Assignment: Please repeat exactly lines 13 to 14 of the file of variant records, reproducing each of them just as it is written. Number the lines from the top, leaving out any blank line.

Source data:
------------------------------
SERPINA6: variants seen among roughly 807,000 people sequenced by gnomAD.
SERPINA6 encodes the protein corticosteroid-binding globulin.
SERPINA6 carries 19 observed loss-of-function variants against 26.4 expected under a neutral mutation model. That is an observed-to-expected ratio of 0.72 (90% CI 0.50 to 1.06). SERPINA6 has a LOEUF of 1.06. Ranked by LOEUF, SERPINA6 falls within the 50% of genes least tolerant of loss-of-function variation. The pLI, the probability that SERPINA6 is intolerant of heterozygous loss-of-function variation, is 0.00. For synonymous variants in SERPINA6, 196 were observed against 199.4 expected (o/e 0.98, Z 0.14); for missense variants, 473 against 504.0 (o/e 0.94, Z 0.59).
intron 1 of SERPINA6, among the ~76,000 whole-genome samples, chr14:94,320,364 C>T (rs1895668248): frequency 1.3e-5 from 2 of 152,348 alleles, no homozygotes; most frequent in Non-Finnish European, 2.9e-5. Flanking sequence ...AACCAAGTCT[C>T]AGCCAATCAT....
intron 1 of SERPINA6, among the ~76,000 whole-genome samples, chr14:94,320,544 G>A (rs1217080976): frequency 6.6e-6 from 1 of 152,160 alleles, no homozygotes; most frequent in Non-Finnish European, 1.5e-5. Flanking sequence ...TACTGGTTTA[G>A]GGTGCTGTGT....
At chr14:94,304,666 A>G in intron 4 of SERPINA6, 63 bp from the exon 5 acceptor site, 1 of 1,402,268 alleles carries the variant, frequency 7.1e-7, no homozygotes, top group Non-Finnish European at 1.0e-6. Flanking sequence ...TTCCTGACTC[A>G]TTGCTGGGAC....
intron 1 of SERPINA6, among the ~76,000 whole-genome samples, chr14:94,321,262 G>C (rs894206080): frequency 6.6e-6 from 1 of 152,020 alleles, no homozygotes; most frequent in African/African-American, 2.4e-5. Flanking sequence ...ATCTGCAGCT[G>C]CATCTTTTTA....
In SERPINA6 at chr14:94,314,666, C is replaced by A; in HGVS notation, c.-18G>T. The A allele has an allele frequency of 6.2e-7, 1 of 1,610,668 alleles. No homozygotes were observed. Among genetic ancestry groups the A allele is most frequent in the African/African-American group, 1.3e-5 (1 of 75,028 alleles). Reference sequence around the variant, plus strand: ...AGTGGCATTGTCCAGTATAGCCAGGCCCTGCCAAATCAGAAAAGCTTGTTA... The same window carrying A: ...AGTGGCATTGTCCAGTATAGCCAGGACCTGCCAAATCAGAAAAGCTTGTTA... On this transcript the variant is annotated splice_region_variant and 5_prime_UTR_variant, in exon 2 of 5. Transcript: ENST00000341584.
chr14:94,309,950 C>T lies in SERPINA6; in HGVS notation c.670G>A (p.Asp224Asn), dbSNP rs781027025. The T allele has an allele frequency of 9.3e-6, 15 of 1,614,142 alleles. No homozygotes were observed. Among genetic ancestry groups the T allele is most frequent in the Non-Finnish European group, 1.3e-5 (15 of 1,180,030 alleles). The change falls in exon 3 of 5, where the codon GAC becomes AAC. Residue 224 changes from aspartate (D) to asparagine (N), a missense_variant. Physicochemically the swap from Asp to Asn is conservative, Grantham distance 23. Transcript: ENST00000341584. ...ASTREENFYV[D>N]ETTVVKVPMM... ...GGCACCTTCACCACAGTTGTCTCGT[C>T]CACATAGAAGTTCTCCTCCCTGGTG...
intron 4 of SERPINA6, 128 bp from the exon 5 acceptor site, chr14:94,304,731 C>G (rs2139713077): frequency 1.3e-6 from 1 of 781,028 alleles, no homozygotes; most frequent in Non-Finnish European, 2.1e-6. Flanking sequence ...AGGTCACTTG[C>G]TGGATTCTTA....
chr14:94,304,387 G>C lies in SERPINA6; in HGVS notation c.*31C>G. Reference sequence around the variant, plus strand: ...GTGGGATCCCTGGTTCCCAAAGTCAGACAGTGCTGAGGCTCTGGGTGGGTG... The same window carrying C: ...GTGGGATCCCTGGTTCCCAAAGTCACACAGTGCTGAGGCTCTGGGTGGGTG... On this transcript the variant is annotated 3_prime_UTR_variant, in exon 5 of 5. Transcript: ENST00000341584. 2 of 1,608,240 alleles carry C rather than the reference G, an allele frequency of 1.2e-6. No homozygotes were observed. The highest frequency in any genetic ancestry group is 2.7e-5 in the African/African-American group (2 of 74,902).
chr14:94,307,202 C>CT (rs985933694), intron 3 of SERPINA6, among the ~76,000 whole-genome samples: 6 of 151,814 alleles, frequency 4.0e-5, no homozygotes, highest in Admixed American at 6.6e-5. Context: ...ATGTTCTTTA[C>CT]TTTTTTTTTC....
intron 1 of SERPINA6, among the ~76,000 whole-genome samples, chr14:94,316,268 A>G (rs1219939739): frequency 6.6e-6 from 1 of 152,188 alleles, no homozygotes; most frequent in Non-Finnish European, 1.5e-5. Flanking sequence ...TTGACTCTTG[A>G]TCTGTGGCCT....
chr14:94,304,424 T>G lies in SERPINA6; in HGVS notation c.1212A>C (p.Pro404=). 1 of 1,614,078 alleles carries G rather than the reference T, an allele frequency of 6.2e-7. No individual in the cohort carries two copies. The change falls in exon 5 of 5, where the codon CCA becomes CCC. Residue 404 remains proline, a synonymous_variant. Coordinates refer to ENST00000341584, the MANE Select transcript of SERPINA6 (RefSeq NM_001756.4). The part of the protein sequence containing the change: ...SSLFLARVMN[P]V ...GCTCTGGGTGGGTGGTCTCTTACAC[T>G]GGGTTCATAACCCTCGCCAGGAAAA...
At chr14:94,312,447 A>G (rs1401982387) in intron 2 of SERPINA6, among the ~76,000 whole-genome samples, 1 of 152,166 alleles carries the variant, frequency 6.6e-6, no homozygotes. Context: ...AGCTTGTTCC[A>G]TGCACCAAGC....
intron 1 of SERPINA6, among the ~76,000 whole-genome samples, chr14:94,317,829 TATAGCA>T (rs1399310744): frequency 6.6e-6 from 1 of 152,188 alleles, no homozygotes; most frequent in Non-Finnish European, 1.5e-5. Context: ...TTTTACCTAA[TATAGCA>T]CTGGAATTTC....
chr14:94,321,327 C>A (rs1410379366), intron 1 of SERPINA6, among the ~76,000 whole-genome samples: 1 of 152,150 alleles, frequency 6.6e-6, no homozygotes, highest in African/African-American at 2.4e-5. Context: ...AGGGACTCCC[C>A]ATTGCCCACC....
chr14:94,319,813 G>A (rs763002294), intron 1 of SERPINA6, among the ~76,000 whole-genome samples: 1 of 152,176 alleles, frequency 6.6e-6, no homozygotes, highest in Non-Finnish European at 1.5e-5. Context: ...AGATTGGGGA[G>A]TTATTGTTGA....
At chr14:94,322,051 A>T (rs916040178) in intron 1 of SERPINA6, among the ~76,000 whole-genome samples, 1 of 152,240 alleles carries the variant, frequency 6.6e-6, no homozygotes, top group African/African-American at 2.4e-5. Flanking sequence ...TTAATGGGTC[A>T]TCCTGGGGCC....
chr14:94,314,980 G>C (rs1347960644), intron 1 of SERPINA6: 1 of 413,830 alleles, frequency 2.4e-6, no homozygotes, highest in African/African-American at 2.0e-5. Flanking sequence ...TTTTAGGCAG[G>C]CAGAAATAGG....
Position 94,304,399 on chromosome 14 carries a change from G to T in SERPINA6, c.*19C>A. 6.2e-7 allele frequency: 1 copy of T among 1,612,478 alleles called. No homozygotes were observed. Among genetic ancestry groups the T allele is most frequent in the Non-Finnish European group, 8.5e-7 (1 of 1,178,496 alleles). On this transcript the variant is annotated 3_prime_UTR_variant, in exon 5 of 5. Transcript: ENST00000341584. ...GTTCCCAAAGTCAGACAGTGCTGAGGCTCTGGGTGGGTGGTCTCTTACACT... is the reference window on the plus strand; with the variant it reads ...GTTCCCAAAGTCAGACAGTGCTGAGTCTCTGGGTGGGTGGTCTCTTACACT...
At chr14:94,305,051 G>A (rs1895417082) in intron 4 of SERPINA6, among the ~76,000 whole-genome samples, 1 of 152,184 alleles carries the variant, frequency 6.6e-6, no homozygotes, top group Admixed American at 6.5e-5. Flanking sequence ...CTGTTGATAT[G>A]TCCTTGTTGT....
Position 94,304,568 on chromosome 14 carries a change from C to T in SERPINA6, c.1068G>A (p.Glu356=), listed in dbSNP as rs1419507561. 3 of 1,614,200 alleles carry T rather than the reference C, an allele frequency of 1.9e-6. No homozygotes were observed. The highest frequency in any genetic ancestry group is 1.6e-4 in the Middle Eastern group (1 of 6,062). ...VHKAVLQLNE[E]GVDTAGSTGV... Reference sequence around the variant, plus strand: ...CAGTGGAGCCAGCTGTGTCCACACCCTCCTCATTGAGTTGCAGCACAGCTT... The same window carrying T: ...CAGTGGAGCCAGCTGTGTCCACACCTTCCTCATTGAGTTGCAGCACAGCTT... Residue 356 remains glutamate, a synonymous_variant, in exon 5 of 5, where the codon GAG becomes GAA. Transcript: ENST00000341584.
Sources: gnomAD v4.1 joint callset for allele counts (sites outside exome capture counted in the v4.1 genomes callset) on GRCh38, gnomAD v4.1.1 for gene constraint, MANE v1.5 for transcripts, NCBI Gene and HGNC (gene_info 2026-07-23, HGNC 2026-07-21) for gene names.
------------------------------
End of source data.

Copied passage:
intron 1 of SERPINA6, among the ~76,000 whole-genome samples, chr14:94,316,268 A>G (rs1219939739): frequency 6.6e-6 from 1 of 152,188 alleles, no homozygotes; most frequent in Non-Finnish European, 1.5e-5. Flanking sequence ...TTGACTCTTG[A>G]TCTGTGGCCT....
chr14:94,304,424 T>G lies in SERPINA6; in HGVS notation c.1212A>C (p.Pro404=). 1 of 1,614,078 alleles carries G rather than the reference T, an allele frequency of 6.2e-7. No individual in the cohort carries two copies. The change falls in exon 5 of 5, where the codon CCA becomes CCC. Residue 404 remains proline, a synonymous_variant. Coordinates refer to ENST00000341584, the MANE Select transcript of SERPINA6 (RefSeq NM_001756.4). The part of the protein sequence containing the change: ...SSLFLARVMN[P]V ...GCTCTGGGTGGGTGGTCTCTTACAC[T>G]GGGTTCATAACCCTCGCCAGGAAAA...